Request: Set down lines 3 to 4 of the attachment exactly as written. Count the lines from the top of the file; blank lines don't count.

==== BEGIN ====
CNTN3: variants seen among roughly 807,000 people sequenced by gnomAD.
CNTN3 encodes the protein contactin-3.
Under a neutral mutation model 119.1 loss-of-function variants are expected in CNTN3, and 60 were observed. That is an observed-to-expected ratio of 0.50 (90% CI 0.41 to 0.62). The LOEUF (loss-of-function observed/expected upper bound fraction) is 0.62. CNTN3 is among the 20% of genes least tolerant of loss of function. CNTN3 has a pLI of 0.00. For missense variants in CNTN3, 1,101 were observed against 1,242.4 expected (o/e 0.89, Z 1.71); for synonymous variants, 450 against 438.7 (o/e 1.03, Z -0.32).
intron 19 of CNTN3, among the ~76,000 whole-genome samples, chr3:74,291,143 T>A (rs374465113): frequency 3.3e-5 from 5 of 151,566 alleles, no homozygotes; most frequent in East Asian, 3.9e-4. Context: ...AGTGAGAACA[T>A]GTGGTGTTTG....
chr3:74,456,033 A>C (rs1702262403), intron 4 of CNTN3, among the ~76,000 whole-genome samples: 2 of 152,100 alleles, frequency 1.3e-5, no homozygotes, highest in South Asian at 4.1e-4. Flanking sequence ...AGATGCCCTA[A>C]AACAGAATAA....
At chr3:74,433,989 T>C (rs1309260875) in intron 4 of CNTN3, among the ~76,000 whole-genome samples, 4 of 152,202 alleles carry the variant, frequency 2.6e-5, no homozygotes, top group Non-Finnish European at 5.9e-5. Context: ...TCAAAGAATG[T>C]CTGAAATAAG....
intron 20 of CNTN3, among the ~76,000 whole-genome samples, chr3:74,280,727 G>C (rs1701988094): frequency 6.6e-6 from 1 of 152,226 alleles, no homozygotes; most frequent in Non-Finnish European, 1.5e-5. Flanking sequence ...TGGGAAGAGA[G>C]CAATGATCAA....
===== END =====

Under a neutral mutation model 119.1 loss-of-function variants are expected in CNTN3, and 60 were observed. That is an observed-to-expected ratio of 0.50 (90% CI 0.41 to 0.62). The LOEUF (loss-of-function observed/expected upper bound fraction) is 0.62. CNTN3 is among the 20% of genes least tolerant of loss of function. CNTN3 has a pLI of 0.00. For missense variants in CNTN3, 1,101 were observed against 1,242.4 expected (o/e 0.89, Z 1.71); for synonymous variants, 450 against 438.7 (o/e 1.03, Z -0.32).
intron 19 of CNTN3, among the ~76,000 whole-genome samples, chr3:74,291,143 T>A (rs374465113): frequency 3.3e-5 from 5 of 151,566 alleles, no homozygotes; most frequent in East Asian, 3.9e-4. Context: ...AGTGAGAACA[T>A]GTGGTGTTTG....